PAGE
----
sorry if I derailed this thread ... I just had to ask
     
  16. airportkid

    airportkid Will Fly For Food

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    <div class='quotetop'>QUOTE(Lywyllyn @ Mar 23 2007, 05:02 PM) [snapback]411213[/snapback]</div>
    Interesting question. It was a big issue when CA made helmets mandatory for motorcyclists. The argument was that absent helmets, taxpayers would be paying for more hospital care for uninsured motorcycle accident victims.

    I question the validity of that assumption, as follows: absent helmets, the fatality vs treatable injury ratio is higher than with helmets. Ergo, helmets INCREASE the hospital care, not decrease it, because more victims survive their accidents. Now, a factor here is the number of victims who escape unscathed where absent the helmet they would have been put into the hospital, and this of course pushes the ratios closer to parity. But I'm not convinced it pushes the ratio to the favorable side of parity, and I wonder if anyone has done any studies of the matter.

    Mark Baird
    Alameda CA
     
  17. Three60guy

    Three60guy -->All around guy<-- (360 = round) get it?

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    Morality has always been in a state of flux.

    When I was young it was absolutely immoral for a man and woman to live together without first being married. Heck, today it is almost normal for men and women to live together without the needed marriage certificate. Morality is a moving target and anything we think is currently right or wrong may change over time.

    Just thought it should be stated and not assumed.
     
  18. Lywyllyn

    Lywyllyn New Member

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    Okay here is one:

    COPA: Child Online Protection Act, a 1998 law that "made it a crime for Internet site operators to let anyone under 17 have access to sexual material"

    I think this is prime example of legislating morality. So in light of this example, I think such legislation is really aimed at removing people from responsibility of their own actions or inactions. In this case, not being a guiding and sometime guarding parent, out of either sheer unwillingness or uncaring attitude will become a reinforced and acceptable parenting method, because this law aims to remove responsibility of needed parental oversight.

    ... ?
     
  19. Denny_A

    Denny_A New Member

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    <div class='quotetop'>QUOTE(dbermanmd @ Mar 23 2007, 10:11 AM) [snapback]410787[/snapback]</div>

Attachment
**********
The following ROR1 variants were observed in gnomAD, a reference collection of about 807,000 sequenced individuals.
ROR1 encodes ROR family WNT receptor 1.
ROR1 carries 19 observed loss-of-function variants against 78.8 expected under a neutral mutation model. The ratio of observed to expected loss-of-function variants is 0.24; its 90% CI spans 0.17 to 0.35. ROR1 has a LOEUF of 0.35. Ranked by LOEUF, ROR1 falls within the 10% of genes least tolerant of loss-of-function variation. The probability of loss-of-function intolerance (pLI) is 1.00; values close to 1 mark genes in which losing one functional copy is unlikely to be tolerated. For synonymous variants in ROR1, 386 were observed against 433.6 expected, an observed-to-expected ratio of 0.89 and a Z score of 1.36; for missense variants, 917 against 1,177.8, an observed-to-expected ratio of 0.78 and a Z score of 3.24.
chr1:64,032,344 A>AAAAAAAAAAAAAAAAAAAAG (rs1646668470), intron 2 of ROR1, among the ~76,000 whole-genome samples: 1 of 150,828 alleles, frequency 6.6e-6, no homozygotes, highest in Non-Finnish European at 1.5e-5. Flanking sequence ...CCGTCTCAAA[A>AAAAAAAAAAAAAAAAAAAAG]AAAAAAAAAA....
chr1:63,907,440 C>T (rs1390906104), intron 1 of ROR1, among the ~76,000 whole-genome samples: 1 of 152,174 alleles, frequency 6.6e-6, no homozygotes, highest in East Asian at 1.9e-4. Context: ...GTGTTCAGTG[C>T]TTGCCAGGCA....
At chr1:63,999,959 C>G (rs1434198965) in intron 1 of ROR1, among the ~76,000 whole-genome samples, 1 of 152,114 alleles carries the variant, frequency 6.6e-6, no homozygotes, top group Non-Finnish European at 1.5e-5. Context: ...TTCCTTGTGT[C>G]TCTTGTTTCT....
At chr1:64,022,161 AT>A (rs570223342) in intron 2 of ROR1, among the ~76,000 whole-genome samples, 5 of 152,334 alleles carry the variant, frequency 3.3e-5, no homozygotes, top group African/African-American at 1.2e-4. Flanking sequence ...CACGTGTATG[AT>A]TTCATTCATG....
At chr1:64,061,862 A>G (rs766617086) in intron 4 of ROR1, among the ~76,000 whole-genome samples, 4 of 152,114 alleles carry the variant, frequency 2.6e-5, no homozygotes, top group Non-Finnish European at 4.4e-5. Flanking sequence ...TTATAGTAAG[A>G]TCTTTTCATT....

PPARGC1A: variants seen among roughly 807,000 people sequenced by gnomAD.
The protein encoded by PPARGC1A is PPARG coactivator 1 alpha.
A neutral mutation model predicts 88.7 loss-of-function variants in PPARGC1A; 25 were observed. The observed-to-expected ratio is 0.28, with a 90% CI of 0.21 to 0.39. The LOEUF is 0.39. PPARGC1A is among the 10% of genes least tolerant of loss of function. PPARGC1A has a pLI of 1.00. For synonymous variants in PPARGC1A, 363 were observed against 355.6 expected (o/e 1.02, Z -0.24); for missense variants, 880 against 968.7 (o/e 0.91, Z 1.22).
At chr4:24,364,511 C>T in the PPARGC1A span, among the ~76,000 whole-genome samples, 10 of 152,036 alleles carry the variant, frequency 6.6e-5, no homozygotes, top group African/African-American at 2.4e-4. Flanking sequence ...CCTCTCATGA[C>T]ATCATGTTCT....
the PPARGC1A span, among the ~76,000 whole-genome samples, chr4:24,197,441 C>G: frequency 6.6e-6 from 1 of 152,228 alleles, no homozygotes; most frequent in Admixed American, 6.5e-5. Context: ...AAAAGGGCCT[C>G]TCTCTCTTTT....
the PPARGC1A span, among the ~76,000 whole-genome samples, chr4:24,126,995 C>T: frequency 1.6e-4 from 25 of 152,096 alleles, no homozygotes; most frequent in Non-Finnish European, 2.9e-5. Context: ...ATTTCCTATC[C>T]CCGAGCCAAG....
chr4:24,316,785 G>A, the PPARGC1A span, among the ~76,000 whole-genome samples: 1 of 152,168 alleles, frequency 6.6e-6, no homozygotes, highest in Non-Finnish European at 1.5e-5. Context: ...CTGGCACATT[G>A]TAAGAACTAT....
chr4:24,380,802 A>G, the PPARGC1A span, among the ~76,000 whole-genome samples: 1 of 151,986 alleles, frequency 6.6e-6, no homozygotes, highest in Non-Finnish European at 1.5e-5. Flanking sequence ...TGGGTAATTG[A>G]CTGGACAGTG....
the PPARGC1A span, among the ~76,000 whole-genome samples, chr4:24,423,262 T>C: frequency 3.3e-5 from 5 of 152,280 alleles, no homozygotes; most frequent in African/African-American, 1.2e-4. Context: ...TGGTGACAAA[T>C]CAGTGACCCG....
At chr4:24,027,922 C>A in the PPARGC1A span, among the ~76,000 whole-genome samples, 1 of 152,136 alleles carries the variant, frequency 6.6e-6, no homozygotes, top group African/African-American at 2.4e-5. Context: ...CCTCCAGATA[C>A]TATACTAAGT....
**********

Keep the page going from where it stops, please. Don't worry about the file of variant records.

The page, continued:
A bit late to this thread. Interesting how political it became at times.

    The US Constitution sets out our basic rights...OR.. legislates morality. We have the right to live our lives without being "forced" to do anything against our own best interests. Ergo, we as individuals also do not have the right to use force or coercion on another.

    Therefore, morality consists in respecting the rights of others whilst others are "obligated" to honor your right to be free to choose the actions which you take in your own self-interest.

    Obligation not honored (i.e, using force on another) is resolved by gu'mint. Murder, felony, larceny, et al......thru the justice system. Gu'mint has only 2 functions, right? Provide for defense against external forces, and to provide for defense from use of force from within. Most so-called "morality legislation" is likely unconstitutional.

    Oh, yes I fogot..... and gu'mint must protect some of us from GREEDY CAPITALIST CORPORATIONS! :blink:
     
  20. galaxee

    galaxee mostly benevolent

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    <div class='quotetop'>QUOTE(Darwood @ Mar 23 2007, 11:36 AM) [snapback]410929[/snapback]</div>
    i know eagle was the one who originally brought this up... but i want to address this.

    i see this as a valid discussion point but i guess i have a hard time seeing where morality ties in to drug use. aside from availability/legality issues, street drugs carry the same principle as rx drugs... chemicals that alter the body's function. the effects are vastly different but the principle is the same. is alcohol use immoral too? or is just the letting it get out of hand part the immoral bit?

    and this is so wildly OT that i debate with myself even bringing it up but... ah hell.

    to say that legalizing pot would reduce the number of kids who go on to harder drugs, for whatever reason, is a hard statement to make. we don't know if pot is having an effect on that, or if these kids are more likely to experiment more anyway. or if it's both, as is the most likely case. age of first use, etc, are also very important factors. influence by dealers, certainly plausible but i see that as less likely than individual differences in openness to experimentation.